A Comparison of Contexts
Hurricane Katrina and Kony are two vastly different social movements, partially because of how the events are categorized, but also because of the social response to the events. Hurricane Katrina reveals the impact a natural disaster can have on communities while the Kony campaign is an example of an international fight for humanitarian rights.
When Hurricane Katrina hit New Orleans in 2005 the use of social media was minimal. Rather than using Facebook, Twitter, Youtube, Instagram, Pinterest, Tumblr, etc. people relied on reporting and newspapers to receive information on the catastrophic natural disaster. It is evident when you compare the Hurricane Katrina documentary to the Kony documentary the differences in technology and social media. A major difference is that when the Kony campaign peaked in 2012, the awareness was spread primarily through Facebook.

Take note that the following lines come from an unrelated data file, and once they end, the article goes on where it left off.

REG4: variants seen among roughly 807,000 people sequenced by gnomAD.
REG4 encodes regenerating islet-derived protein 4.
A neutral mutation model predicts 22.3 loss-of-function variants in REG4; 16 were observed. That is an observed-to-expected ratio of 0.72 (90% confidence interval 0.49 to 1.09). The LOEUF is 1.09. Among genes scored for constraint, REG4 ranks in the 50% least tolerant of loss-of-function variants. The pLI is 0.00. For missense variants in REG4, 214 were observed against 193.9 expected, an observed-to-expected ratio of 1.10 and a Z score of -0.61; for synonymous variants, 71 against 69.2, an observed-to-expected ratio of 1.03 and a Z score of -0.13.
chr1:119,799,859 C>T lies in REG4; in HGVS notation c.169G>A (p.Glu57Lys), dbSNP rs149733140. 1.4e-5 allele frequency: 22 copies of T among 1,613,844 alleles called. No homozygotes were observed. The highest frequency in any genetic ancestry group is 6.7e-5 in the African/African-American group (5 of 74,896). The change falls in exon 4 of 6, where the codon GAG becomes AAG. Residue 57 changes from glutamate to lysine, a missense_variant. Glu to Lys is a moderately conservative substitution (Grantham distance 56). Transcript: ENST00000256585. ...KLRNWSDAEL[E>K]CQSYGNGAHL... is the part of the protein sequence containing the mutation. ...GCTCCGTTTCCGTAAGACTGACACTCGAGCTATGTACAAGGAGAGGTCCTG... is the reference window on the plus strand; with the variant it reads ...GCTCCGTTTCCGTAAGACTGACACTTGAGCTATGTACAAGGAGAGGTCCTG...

Interestingly, Hurricane Katrina and Kony have similar social factors, economically and politically affecting the two events. New Orleans has been heavily affected by class and race over the past few decades, as those who were unable to afford to move out of the “bowl” were stuck in that high risk area. For Kony, the northern part of Uganda was structured to produce lower-class workers for the south and was an easy target due to the pre-existing power struggles.
In terms of politics, the US government has played an integral role in the reconstruction of New Orleans and the search for Joseph Kony. The US has funded much of the Katrina relief and levee construction to make New Orleans safer. In response to the Kony campaign, the US government launched an operation to find Kony. In both of these events, the US government worked to provide aid in a time of need.